Conclusion

11—-J Coeliac disease and type 1 diabetes share a common genetic predisposition, and are thus associated diseases. Furthermore, recent studies suggest that the gut may show an increased inflammatory response to gliadin in patients with type 1 diabetes. At this stage, screening for coeliac disease amongst patients with type 1 diabetes is not routinely advocated. However, coeliac disease should be suspected if there is growth or developmental delay, osteopenia or unexplained hypoglycaemia, or even in the presence of non-specific ill health. There is a strong familial predisposition and the disease should certainly be considered in the above patient.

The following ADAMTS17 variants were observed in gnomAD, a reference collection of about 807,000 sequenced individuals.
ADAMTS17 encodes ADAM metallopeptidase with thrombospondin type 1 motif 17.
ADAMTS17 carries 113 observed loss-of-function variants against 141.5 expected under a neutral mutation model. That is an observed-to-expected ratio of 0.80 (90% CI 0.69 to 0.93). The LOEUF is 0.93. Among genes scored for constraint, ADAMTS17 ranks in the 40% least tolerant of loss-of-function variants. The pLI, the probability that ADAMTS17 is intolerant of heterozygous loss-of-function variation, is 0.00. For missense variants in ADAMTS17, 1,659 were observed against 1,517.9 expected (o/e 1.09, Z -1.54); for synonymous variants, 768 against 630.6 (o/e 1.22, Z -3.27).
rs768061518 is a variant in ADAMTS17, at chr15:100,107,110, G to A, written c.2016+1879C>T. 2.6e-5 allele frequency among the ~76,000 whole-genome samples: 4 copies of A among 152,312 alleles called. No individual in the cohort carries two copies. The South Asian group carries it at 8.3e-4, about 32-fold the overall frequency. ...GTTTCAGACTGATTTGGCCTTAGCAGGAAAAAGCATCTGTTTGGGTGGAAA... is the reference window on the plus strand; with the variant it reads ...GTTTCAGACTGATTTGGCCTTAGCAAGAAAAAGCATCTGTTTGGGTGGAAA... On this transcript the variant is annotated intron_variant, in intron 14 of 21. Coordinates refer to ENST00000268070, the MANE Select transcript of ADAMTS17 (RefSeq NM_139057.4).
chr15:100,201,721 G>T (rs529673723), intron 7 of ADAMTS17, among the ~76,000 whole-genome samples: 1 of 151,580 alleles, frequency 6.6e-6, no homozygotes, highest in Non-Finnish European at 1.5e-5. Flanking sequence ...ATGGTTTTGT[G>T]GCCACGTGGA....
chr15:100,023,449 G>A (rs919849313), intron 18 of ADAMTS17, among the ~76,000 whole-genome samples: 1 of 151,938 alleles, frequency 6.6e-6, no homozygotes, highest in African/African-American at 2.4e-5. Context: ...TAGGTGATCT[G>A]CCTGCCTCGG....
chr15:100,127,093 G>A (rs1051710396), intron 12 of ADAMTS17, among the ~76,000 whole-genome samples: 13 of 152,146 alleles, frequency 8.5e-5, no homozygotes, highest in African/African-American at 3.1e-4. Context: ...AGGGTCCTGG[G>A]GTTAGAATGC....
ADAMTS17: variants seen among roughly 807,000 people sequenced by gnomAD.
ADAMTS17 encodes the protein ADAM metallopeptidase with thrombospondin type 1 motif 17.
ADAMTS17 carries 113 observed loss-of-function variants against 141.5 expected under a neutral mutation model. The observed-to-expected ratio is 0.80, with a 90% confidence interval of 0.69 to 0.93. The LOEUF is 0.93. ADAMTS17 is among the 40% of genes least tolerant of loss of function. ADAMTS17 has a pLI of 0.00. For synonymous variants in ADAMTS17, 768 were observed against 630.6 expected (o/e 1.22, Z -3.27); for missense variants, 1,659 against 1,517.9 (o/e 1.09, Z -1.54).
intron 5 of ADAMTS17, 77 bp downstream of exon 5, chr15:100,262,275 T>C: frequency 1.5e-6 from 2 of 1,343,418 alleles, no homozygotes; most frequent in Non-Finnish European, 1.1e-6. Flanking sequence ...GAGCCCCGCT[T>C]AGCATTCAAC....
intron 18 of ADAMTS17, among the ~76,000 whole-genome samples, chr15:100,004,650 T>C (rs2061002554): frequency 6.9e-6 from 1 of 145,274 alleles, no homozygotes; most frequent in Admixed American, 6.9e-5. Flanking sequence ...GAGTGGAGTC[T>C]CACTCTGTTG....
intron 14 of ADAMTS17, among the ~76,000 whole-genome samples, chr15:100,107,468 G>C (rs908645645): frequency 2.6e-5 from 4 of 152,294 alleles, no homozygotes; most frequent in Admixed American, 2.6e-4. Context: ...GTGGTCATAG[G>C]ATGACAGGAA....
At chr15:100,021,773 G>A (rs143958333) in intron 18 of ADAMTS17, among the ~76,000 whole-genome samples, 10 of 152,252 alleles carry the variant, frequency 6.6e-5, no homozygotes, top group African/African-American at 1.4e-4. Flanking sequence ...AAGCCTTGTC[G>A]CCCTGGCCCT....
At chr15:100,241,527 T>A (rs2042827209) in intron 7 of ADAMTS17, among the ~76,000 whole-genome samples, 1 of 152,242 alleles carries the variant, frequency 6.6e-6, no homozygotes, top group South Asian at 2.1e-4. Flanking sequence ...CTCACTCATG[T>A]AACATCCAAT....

GFD is a major undertaking at the best of times. The restrictions it places on a patient with type 1 diabetes may lead to decreased overall carbohydrate intake, and increased intake of less complex carbohydrate leading to more rapid absorption and, therefore, hyperglycaemia. If diabetic control is difficult, a basal bolus insulin regimen with short-acting analogue insulin might be considered. The dietary considerations with the two diseases combined are complex and often necessitate frequent review.

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